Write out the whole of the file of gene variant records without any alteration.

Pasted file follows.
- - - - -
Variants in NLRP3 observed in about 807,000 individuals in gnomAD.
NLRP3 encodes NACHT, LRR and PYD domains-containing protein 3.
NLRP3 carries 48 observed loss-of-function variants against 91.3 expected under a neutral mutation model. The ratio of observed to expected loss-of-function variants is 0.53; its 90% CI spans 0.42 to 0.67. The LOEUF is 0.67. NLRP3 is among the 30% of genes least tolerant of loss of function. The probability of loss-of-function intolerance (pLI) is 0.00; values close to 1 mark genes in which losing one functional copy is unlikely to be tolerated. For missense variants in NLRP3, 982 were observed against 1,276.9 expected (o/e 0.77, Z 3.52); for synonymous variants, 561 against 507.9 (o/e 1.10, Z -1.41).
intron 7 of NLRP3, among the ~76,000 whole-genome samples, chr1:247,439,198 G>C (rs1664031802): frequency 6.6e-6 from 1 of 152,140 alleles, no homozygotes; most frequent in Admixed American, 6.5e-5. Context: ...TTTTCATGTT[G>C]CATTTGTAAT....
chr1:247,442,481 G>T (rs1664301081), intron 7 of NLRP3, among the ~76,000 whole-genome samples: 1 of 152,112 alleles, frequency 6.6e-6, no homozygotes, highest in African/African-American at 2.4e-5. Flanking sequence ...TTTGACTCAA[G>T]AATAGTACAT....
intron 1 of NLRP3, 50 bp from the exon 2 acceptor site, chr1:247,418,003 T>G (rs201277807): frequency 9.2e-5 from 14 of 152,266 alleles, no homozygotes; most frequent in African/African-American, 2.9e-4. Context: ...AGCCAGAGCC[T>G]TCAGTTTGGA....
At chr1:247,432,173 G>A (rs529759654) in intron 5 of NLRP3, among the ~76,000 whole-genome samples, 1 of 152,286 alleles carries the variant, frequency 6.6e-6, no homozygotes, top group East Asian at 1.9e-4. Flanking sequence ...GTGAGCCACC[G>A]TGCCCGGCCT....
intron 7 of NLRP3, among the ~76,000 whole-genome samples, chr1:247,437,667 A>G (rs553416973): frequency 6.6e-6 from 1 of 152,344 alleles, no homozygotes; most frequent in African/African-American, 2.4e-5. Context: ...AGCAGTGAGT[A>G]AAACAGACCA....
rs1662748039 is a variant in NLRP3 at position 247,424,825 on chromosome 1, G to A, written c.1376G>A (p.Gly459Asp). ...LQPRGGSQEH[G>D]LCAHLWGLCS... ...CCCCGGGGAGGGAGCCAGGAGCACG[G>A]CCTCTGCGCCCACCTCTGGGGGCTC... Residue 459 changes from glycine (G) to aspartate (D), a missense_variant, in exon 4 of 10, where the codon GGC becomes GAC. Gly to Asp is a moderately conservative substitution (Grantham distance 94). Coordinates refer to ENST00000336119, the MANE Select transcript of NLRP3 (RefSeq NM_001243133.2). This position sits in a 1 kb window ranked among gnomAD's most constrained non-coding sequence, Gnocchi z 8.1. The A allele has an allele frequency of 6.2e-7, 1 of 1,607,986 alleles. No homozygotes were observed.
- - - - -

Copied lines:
Variants in NLRP3 observed in about 807,000 individuals in gnomAD.
NLRP3 encodes NACHT, LRR and PYD domains-containing protein 3.
NLRP3 carries 48 observed loss-of-function variants against 91.3 expected under a neutral mutation model. The ratio of observed to expected loss-of-function variants is 0.53; its 90% CI spans 0.42 to 0.67. The LOEUF is 0.67. NLRP3 is among the 30% of genes least tolerant of loss of function. The probability of loss-of-function intolerance (pLI) is 0.00; values close to 1 mark genes in which losing one functional copy is unlikely to be tolerated. For missense variants in NLRP3, 982 were observed against 1,276.9 expected (o/e 0.77, Z 3.52); for synonymous variants, 561 against 507.9 (o/e 1.10, Z -1.41).
intron 7 of NLRP3, among the ~76,000 whole-genome samples, chr1:247,439,198 G>C (rs1664031802): frequency 6.6e-6 from 1 of 152,140 alleles, no homozygotes; most frequent in Admixed American, 6.5e-5. Context: ...TTTTCATGTT[G>C]CATTTGTAAT....
chr1:247,442,481 G>T (rs1664301081), intron 7 of NLRP3, among the ~76,000 whole-genome samples: 1 of 152,112 alleles, frequency 6.6e-6, no homozygotes, highest in African/African-American at 2.4e-5. Flanking sequence ...TTTGACTCAA[G>T]AATAGTACAT....
intron 1 of NLRP3, 50 bp from the exon 2 acceptor site, chr1:247,418,003 T>G (rs201277807): frequency 9.2e-5 from 14 of 152,266 alleles, no homozygotes; most frequent in African/African-American, 2.9e-4. Context: ...AGCCAGAGCC[T>G]TCAGTTTGGA....
At chr1:247,432,173 G>A (rs529759654) in intron 5 of NLRP3, among the ~76,000 whole-genome samples, 1 of 152,286 alleles carries the variant, frequency 6.6e-6, no homozygotes, top group East Asian at 1.9e-4. Flanking sequence ...GTGAGCCACC[G>A]TGCCCGGCCT....
intron 7 of NLRP3, among the ~76,000 whole-genome samples, chr1:247,437,667 A>G (rs553416973): frequency 6.6e-6 from 1 of 152,344 alleles, no homozygotes; most frequent in African/African-American, 2.4e-5. Context: ...AGCAGTGAGT[A>G]AAACAGACCA....
rs1662748039 is a variant in NLRP3 at position 247,424,825 on chromosome 1, G to A, written c.1376G>A (p.Gly459Asp). ...LQPRGGSQEH[G>D]LCAHLWGLCS... ...CCCCGGGGAGGGAGCCAGGAGCACG[G>A]CCTCTGCGCCCACCTCTGGGGGCTC... Residue 459 changes from glycine (G) to aspartate (D), a missense_variant, in exon 4 of 10, where the codon GGC becomes GAC. Gly to Asp is a moderately conservative substitution (Grantham distance 94). Coordinates refer to ENST00000336119, the MANE Select transcript of NLRP3 (RefSeq NM_001243133.2). This position sits in a 1 kb window ranked among gnomAD's most constrained non-coding sequence, Gnocchi z 8.1. The A allele has an allele frequency of 6.2e-7, 1 of 1,607,986 alleles. No homozygotes were observed.